Imagine liking a singer so much you travel across the country to see him. You invade his private spaces; commit his every song to memory; change the way you dress, walk, and talk to be more like him. When people ask about your past, you answer the way he might, instead of telling the truth.
This kind of behavior might make you a subject of David Kinney’s new book The Dylanologists. But it might make you Bob Dylan himself.
When Bob Dylan arrived in New York on Jan. 24, 1961, he was a Woody Guthrie pilgrim. He talked like he came from Oklahoma instead of Minnesota and told stories of ramblin’ that would have fit in Bound for Glory. He sought out the folk singer, who was suffering from Huntington’s chorea. On the weekends Dylan would sit by Guthrie’s hospital bed and play him songs.
The Dylanologists are just as obsessive about Dylan. In the age before digital music, tape collectors strapped audio equipment to their bodies and pursued rare recordings like jewels from the Pharaoh’s tomb. Bill Pagel purchased the ticket from Dylan’s prom, his high chair, and ultimately the home in Duluth where Dylan was born. Elizabeth Wolfson vacationed to California so she could drive by Dylan’s Malibu home. Security found her wandering the grounds and turned her away. The most famous of the Dylanologists, A.J. Weberman, was so consumed with trying to figure out the transcendental message behind Dylan’s music he was caught looking through the singer’s trash.
Woody Guthrie gave shape to Bob Dylan’s life and gave him an identity. That’s a powerful relationship, and it’s what makes the Dylan fanatic such an interesting topic. From the 1960s, when Dylan was first called the “voice of a generation,” he and his music have shaped entire lives. He’s not just the guy playing in the background at the deli. He’s soundtracking marriages and inspiring in listeners a deeper understanding of themselves. Dylanologists credit Bob for driving them to certain careers or relationships.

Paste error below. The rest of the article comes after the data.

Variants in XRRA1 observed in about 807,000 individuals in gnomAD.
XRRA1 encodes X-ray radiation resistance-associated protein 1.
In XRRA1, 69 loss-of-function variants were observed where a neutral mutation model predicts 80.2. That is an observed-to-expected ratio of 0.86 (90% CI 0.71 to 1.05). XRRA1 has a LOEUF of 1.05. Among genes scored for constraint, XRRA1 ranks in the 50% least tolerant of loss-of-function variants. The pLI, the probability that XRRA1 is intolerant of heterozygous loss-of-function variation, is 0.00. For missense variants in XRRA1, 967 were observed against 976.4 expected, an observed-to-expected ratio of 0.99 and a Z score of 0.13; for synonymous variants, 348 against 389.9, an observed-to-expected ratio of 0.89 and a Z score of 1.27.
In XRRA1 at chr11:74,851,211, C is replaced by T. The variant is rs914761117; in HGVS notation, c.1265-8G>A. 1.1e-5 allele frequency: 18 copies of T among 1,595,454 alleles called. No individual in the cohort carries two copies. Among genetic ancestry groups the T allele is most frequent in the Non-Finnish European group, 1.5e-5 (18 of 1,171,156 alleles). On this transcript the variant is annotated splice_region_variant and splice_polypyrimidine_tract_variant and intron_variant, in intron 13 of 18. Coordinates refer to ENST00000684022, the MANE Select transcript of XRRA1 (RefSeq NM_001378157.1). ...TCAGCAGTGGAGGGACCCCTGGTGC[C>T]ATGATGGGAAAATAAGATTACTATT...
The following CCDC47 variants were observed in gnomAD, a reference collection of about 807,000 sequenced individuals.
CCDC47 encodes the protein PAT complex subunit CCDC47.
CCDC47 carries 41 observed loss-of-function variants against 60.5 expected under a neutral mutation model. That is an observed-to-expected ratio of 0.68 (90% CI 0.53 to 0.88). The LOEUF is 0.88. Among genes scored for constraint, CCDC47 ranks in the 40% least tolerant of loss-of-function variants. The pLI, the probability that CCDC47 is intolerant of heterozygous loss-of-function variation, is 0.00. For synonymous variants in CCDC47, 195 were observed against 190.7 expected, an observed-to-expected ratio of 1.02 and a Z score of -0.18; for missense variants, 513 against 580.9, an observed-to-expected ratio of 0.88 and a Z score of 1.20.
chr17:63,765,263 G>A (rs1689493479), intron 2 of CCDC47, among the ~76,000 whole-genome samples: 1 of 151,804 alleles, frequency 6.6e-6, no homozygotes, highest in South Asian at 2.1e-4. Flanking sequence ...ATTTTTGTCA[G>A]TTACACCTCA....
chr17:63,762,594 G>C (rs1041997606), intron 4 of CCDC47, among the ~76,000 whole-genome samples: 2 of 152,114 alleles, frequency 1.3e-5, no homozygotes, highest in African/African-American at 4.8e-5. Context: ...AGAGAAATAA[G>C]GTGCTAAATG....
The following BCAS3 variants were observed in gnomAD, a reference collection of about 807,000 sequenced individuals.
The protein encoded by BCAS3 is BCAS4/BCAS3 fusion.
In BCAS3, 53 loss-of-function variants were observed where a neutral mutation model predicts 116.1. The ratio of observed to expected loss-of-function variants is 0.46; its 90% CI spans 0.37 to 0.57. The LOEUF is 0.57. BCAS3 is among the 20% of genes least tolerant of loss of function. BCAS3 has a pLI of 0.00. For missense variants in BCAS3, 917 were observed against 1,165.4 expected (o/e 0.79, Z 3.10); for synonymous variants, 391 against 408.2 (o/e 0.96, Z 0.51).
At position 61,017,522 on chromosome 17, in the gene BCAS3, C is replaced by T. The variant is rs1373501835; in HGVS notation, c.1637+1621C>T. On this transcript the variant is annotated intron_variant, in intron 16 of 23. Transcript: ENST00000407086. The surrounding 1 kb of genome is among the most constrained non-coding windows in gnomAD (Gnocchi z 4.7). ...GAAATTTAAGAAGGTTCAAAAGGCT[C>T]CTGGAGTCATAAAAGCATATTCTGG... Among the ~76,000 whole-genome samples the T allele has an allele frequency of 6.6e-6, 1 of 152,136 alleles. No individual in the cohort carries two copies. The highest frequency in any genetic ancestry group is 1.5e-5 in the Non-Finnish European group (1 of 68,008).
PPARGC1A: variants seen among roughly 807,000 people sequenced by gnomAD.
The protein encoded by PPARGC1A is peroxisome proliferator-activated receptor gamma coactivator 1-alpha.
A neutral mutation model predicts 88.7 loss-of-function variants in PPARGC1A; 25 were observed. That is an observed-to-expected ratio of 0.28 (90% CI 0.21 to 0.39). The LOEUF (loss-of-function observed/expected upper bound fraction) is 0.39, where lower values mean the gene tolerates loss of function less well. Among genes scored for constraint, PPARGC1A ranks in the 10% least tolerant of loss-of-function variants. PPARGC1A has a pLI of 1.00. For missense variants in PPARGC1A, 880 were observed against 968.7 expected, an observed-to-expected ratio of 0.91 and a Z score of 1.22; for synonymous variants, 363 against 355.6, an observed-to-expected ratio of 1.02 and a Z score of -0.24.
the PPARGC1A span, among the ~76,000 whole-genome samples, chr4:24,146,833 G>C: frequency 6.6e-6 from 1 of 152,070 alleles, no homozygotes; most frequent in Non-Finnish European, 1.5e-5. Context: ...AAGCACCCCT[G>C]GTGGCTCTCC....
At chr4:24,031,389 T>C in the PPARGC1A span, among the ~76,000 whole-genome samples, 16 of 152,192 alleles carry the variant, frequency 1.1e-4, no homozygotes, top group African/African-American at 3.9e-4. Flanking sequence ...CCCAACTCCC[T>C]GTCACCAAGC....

He doesn’t want the credit. Dylan’s career has been propelled by his effort to stay one step ahead of his fans. He shed the protest-singer label almost as fast as they gave it to him, and he’s ditched every category they’ve tried to put him in ever since. Wherever he is right now, he’s on the run.
After reading this series of profiles, it’s hard not to share Bob Dylan’s feelings about his most devoted fans. “Get a life, please,” he told one interviewer about the devotees. “You’re not serving your own life well. You’re wasting your life.” Kinney doesn’t make this argument explicitly. His book is not unlike a Bob Dylan song—he paints a picture and then you’ve got to interpret it yourself—but the conclusion seems plain: The life of the Dylanologist is often a wasted one.
One woman who hitchhikes from show to show winds up the victim of a serial killer. Another superfan commits suicide. Others become disillusioned and wonder what they did with their lives. “Why am I such a mess?” asks Charlie Cicirella during a nervous breakdown in line for a Dylan show in December of 2005. “Why is my life such a mess?” Cicirella tells Kinney that listening to Dylan for the first time “was the first time he could ever remember not feeling alone.” But what did that inspire him to do? Based on the book, the answer is: Attend lots of Dylan concerts and fight for a spot in the front. Others can quote Dylan’s words but don’t have much to say on their own. A.J. Weberman’s dumpster-diving search for the ultimate Dylan sends him off the deep end. He concludes that “Blowin’ in the Wind” is actually a racist screed: “I wasted my fucking life on this shit.”